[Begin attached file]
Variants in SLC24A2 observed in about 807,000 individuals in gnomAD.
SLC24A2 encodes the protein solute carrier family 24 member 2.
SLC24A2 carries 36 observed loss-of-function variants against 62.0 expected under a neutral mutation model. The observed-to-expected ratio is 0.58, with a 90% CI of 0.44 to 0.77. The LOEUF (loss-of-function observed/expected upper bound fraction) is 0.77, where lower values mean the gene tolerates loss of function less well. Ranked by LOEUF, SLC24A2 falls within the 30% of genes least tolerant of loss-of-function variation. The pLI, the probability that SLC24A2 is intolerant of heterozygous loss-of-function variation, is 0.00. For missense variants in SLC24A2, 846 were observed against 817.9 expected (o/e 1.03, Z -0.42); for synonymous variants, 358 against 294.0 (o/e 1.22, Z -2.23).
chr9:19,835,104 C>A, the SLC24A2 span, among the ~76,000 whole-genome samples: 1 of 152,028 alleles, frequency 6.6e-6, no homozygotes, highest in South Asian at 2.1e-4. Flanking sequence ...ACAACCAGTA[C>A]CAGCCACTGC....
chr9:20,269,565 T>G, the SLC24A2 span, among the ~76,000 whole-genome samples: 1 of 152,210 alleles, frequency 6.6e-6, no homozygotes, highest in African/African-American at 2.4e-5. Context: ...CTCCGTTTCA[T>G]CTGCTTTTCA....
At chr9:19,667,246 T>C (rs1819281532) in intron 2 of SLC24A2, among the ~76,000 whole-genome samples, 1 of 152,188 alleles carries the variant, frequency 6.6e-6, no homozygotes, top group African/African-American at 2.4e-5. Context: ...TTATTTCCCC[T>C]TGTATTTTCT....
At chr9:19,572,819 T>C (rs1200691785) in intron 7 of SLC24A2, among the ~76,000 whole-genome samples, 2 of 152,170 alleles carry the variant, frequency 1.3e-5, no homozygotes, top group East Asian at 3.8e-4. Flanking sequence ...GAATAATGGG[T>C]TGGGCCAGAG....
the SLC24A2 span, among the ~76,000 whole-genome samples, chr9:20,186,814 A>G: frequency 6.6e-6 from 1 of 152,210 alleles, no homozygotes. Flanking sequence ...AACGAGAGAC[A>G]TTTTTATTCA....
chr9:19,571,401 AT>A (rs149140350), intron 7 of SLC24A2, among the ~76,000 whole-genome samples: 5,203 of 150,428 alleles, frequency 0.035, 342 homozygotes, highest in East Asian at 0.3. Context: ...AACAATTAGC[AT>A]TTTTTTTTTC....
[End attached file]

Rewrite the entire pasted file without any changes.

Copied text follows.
Variants in SLC24A2 observed in about 807,000 individuals in gnomAD.
SLC24A2 encodes the protein solute carrier family 24 member 2.
SLC24A2 carries 36 observed loss-of-function variants against 62.0 expected under a neutral mutation model. The observed-to-expected ratio is 0.58, with a 90% CI of 0.44 to 0.77. The LOEUF (loss-of-function observed/expected upper bound fraction) is 0.77, where lower values mean the gene tolerates loss of function less well. Ranked by LOEUF, SLC24A2 falls within the 30% of genes least tolerant of loss-of-function variation. The pLI, the probability that SLC24A2 is intolerant of heterozygous loss-of-function variation, is 0.00. For missense variants in SLC24A2, 846 were observed against 817.9 expected (o/e 1.03, Z -0.42); for synonymous variants, 358 against 294.0 (o/e 1.22, Z -2.23).
chr9:19,835,104 C>A, the SLC24A2 span, among the ~76,000 whole-genome samples: 1 of 152,028 alleles, frequency 6.6e-6, no homozygotes, highest in South Asian at 2.1e-4. Flanking sequence ...ACAACCAGTA[C>A]CAGCCACTGC....
chr9:20,269,565 T>G, the SLC24A2 span, among the ~76,000 whole-genome samples: 1 of 152,210 alleles, frequency 6.6e-6, no homozygotes, highest in African/African-American at 2.4e-5. Context: ...CTCCGTTTCA[T>G]CTGCTTTTCA....
At chr9:19,667,246 T>C (rs1819281532) in intron 2 of SLC24A2, among the ~76,000 whole-genome samples, 1 of 152,188 alleles carries the variant, frequency 6.6e-6, no homozygotes, top group African/African-American at 2.4e-5. Context: ...TTATTTCCCC[T>C]TGTATTTTCT....
At chr9:19,572,819 T>C (rs1200691785) in intron 7 of SLC24A2, among the ~76,000 whole-genome samples, 2 of 152,170 alleles carry the variant, frequency 1.3e-5, no homozygotes, top group East Asian at 3.8e-4. Flanking sequence ...GAATAATGGG[T>C]TGGGCCAGAG....
the SLC24A2 span, among the ~76,000 whole-genome samples, chr9:20,186,814 A>G: frequency 6.6e-6 from 1 of 152,210 alleles, no homozygotes. Flanking sequence ...AACGAGAGAC[A>G]TTTTTATTCA....
chr9:19,571,401 AT>A (rs149140350), intron 7 of SLC24A2, among the ~76,000 whole-genome samples: 5,203 of 150,428 alleles, frequency 0.035, 342 homozygotes, highest in East Asian at 0.3. Context: ...AACAATTAGC[AT>A]TTTTTTTTTC....